Meet Daniela Nakinoja, Lyman T. Johnson Torch Bearer Award Recipient
Ambitious, goal-oriented, determined, helpful, empathetic. These are just a few words that family and friends use to describe Bachelor of Public Health (BPH) student, Daniela Nakinoja. These words often describe many public health leaders, but how public health found Daniela started with her family.
Daniela Nakinoja is the 2021/22 recipient of the Lyman T. Johnson Torch Bearer Award on behalf of the University of Kentucky's College of Public Health. Each college at UK chooses an African American student whose academic achievement and ability to impact the lives of others reflects the spirt of Lyman T. Johnson, who was a civil right pioneer and the first African American student to attend the University of Kentucky in 1949.
Daniela Nakinoja was born in the Democratic Republic of the Congo, a culture infused with religion, history, and rich tradition. After fleeing the Congo at age 5 as a refugee and living in several towns in South Africa, Daniela and her family eventually found their home in Lexington, Kentucky.
Family is extremely important to Daniela, and after her grandmother was diagnosed with cancer, it changed her perspective on life and shaped her experiences going forward. During her grandmother’s treatment, doctors discovered the cancer was hereditary and that her immediate female family were all at an increased risk for the disease. This is what initially inspired Daniela to major in biology and pre-med at the University of Kentucky.
In her biology classes, however, she found that studying cells did not inspire her or ignite her passion for helping others. “This is when public health found me,” says Daniela. “I wanted to get the knowledge and training to help my family, and my community. I want to represent them. I wanted a program that would allow me to act. I found what I was looking for at the University of Kentucky’s College of Public Health.”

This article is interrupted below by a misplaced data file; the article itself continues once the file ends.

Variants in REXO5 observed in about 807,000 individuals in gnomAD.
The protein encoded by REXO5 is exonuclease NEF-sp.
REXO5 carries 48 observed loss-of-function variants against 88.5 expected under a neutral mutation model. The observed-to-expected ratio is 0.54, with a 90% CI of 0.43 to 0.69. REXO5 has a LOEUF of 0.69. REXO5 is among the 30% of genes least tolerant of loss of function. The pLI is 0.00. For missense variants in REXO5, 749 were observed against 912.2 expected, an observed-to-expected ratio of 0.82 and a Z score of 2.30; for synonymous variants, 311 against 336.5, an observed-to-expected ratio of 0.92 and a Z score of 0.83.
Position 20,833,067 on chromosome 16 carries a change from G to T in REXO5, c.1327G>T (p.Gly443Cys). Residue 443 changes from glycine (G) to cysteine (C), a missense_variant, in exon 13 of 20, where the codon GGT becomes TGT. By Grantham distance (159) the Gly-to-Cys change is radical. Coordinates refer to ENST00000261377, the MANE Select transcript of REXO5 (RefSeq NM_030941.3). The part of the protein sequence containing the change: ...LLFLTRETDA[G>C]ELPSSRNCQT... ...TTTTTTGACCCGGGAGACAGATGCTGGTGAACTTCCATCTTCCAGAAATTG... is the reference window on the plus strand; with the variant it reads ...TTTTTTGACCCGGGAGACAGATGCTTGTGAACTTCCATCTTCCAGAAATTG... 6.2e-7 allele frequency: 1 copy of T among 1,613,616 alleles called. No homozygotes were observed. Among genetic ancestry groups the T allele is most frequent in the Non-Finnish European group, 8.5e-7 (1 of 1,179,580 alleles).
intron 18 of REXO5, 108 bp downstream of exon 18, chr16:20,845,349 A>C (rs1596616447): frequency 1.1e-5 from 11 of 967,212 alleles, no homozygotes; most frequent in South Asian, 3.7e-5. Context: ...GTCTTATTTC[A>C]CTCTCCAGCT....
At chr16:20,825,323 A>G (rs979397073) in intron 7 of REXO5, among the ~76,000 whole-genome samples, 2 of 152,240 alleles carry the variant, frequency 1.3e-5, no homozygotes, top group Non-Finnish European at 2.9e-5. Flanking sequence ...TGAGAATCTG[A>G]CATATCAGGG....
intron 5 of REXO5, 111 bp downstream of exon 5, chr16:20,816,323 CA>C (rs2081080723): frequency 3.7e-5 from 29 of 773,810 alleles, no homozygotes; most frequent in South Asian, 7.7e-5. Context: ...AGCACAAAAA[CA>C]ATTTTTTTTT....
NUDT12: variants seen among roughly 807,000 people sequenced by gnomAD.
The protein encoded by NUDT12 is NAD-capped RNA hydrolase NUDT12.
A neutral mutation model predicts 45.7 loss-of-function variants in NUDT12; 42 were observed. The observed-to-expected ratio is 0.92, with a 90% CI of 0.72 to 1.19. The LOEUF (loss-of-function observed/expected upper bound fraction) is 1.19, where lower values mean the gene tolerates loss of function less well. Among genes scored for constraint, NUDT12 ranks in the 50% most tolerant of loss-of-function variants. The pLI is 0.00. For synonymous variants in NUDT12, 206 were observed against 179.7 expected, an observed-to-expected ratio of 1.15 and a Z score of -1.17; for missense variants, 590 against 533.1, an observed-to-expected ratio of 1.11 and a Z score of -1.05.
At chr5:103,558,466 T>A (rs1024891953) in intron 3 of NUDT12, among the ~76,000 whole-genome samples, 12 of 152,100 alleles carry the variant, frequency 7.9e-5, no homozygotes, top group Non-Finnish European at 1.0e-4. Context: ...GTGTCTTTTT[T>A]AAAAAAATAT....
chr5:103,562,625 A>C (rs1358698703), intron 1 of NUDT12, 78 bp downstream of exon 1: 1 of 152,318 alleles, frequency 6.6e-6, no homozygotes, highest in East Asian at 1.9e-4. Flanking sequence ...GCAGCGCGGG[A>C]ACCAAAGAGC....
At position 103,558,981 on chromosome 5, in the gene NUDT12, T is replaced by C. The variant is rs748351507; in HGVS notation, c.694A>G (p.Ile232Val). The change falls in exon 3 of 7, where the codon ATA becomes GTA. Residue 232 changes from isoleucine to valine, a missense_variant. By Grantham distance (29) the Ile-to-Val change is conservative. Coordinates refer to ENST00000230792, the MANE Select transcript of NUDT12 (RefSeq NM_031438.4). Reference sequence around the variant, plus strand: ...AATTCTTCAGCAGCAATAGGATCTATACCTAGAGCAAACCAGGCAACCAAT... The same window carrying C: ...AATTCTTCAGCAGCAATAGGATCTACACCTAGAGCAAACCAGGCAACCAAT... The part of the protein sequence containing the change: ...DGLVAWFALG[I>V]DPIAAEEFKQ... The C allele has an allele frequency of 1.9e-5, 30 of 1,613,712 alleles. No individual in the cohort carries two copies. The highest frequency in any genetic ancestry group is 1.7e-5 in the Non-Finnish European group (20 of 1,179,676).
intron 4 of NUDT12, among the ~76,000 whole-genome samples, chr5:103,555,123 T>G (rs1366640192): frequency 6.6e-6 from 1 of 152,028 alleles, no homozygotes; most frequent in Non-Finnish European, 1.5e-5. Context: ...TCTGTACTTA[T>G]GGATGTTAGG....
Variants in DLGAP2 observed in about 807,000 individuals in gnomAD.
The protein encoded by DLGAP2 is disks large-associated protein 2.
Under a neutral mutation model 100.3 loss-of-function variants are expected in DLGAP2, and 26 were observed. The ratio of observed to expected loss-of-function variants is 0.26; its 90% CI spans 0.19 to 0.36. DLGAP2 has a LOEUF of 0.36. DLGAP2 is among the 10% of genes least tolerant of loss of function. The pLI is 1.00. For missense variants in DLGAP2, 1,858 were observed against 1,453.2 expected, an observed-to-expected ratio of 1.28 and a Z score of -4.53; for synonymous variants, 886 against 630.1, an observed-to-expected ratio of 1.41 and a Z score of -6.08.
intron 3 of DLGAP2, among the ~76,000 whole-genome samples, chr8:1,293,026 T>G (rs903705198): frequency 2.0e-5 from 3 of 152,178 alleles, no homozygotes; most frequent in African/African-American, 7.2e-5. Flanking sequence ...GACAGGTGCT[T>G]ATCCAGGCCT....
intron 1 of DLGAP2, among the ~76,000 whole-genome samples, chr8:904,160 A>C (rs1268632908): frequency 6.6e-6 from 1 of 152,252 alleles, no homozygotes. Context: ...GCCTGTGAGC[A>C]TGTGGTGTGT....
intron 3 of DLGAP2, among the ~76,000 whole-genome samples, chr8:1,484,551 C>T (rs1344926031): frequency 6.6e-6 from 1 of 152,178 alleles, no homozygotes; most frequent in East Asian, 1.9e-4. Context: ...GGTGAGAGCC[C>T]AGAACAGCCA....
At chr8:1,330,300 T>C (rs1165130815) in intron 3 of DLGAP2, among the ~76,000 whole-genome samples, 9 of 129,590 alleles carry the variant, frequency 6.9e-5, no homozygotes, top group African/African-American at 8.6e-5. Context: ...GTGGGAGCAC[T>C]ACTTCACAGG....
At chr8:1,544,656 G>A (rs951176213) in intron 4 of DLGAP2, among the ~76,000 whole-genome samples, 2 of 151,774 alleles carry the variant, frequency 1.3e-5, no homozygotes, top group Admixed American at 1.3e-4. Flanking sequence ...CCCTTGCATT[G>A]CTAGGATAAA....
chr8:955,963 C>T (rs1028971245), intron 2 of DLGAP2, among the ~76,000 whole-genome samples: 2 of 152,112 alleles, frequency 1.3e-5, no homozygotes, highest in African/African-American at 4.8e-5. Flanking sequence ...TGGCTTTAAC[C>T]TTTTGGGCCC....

After public health found Daniela, she then found herself helping others. Daniela uses her unique experiences, skills, and perspective to meet and address the needs of others in the community.
Daniela currently works at Wild Health, where she helps with COVID-19 testing and at volunteers at Kentucky Refugee Ministries to assist with language and translation barriers. In addition to her academic work and community outreach, Daniela has worked with the UK Student Government as a coordinator for DEI and has been an active member in other student organizations, such as the African Student Association and Black Student Union.
Fulfilling the mission of being a “health champion,” Daniela has already set some aspirational goals for herself. This past summer, she participated in the University of Kentucky’s Markey Cancer Center Strong Scholars program — a program that fosters diversity in cancer research.
Looking forward, Daniela still has her sights set on medical school and becoming a leader in global health after graduation. “I want to bridge the gap between prevention methods programs and providing healthcare to those in need,” says Daniela. “It’s what happens behind the scenes that matters the most, the little things, that have the most impact in people’s lives.”
In response to the recognition of the Lyman T. Johnson award, Daniella feels validated. “I’ve previously experienced not being seen, heard, or acknowledged,” says Daniela. “My family didn’t go to college, but always hoped that I would make it. I now feel that confirmation and I know that makes my family enormously proud.”
Daniela hopes that her story will inspire more students to pursue an education and career in public health.
Daniela’s advice, “So many want to help, but don’t know how. Sometimes, out of fear or just not knowing where to start. You do not need to have it all figured out. Give yourself the opportunity to gain different perspectives. Put yourself in places where you can learn. Ask questions. Be inquisitive. Give yourself the opportunity to have a self-discovery.”
Daniela is graduating in Spring of 2022 with her Bachelor's in Public Health (BPH) from the University of Kentucky's College of Public Health. The Lyman T. Johnson Awards Ceremony banquet is slated for October 2022. More information about this event can be found here.